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  #32273  
Old Posted Nov 27, 2015, 9:30 PM
Earl Boebert Earl Boebert is offline
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This week, for no particular reason, we ordered the original 1953 "War of the Worlds" from Netflix. It holds up remarkably well for a movie of its age. For those not familiar with it, herewith a few screen grabs from the LA sequence:

We begin by evacuating a hospital:



Scientists flee the Pacific Institute, actual location unknown to me:



Block an intersection, scatter some papers, and voila! LA has been abandoned:



Here's another look at the location. The artfully placed box almost but not quite blocks the normality at the lower left corner. You can figure the camera angle from the fragment of the blue Russel Stover storefront in the previous shot:



Duck and cover, kids (we all knew how to do that in 1953), here they come:



According to the article in Astounding Science Fiction, which consumed my interest along with the movie, the orange blast ray was manufactured by George Pal's technicians by feeding welding rod into an acetylene torch and forcing it into a spray with high-pressure air. The thing was reportedly about as destructive as the presumed Martian version. My attempts at duplicating the effect with Fourth of July sparklers and an air pump met with failure, but I did manage to carve a pretty good replica of the Martian "manta ray" war machine.

Finally, the iconic shot of zapping City Hall:



Again, according to Astounding, the building was a six-foot high model made of plaster that was exploded by air pressure. All in all, pretty impressive SFX for the day.

Cheers,

Earl
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  #32274  
Old Posted Nov 27, 2015, 9:34 PM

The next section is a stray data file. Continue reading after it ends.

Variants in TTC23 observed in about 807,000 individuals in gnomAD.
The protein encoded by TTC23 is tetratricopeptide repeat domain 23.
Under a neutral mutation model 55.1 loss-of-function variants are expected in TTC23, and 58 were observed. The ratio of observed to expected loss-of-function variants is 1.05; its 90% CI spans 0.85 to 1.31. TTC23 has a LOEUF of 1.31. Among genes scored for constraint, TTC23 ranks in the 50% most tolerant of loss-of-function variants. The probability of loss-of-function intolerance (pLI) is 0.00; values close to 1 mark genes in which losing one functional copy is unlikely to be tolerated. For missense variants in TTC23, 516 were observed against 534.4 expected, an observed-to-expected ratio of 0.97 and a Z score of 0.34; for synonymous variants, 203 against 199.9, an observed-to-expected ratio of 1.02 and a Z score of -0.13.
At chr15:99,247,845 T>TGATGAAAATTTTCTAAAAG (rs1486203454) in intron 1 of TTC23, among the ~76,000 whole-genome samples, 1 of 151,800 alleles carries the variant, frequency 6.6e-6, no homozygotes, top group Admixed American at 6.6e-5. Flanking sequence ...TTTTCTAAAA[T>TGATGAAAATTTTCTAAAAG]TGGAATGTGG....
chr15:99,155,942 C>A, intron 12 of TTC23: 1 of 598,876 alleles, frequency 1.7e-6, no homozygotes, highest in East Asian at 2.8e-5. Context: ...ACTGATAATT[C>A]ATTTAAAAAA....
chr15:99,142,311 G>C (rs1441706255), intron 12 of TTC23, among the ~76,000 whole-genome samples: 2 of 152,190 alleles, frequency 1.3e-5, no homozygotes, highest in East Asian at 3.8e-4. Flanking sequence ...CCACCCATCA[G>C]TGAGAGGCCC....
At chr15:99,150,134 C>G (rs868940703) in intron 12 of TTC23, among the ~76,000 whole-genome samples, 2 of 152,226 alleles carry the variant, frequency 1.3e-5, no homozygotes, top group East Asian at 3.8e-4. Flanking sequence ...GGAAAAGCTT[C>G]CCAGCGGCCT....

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Pamela Greyson's Lost Los Angeles Channel

Quote:
Originally Posted by HossC View Post
I'm guessing that this is the video you're referring to.

Video Link

As well as the voiceover guy saying "Los Angeles" in every other sentence, he seems to call Olvera Street "Alvero Street".
Thanks so much Hoss !
You are great to operate on links, photos, maps, etc. The very opposite of me. I've downloaded the three screengrabs to make them my alternating desktop background. And now I'll have to sign « ALVEROLegido » my forthcoming posts to merge with the spirit of place. I'm French allright but I was born in Uruguay. We came in France when I was seven, so Spanish is my native language.
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  #32275  
Old Posted Nov 27, 2015, 11:46 PM
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The James Oviatt Building at 617 S Olive Street isn't new to NLA. It's still standing, and still looking good, but I couldn't resist Julius Shulman's view of it from 1979 (just five years after the death of James Oviatt). This is "Job 5657: Albert R. Walker and Percy Eisen, James Oviatt Building (Los Angeles, Calif.), 1979".











All from Getty Research Institute

Here's a quick reminder of how the James Oviatt Building looks today.


GSV
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  #32276  
Old Posted Nov 28, 2015, 1:48 AM
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List of Sunset Boulevard occupants/businesses by address, probably mid 1920s

(Or maybe not...be sure to read the ETA section below)

While researching the North Spring/Sunset/Bellevue block I came across this interesting list of Sunset Boulevard addresses.

Neither church has a Sunset address here, but as tovangar2 justly pointed out, the North Main and Marchessault addresses were much more typically used. ETA: In the case of the Methodist church, it's certainly possible that it didn't yet exist at that location, in which case the upper limit for the year would have to be 1925 or so.

The presence of a Chinese restaurant at 101 E, which presumably puts it in the Simpson Building, strongly suggests that this was prior to the Christine Sterling makeover of Olvera Street. I can't imagine that she would have tolerated a Chinese restaurant after the fact, and she clearly had the pull to get her way. Also, the Italian grocery I mentioned from the 1934 directory doesn't show up yet, so I'm pretty sure this must be from before then.

From the uniform pattern of LL-#### telephone numbers, I think this can't be any earlier than 1921 or so. The 1920 City Directory still has some oddly formatted numbers in the display ads, like five digits and no exchange, or one letter followed by digits.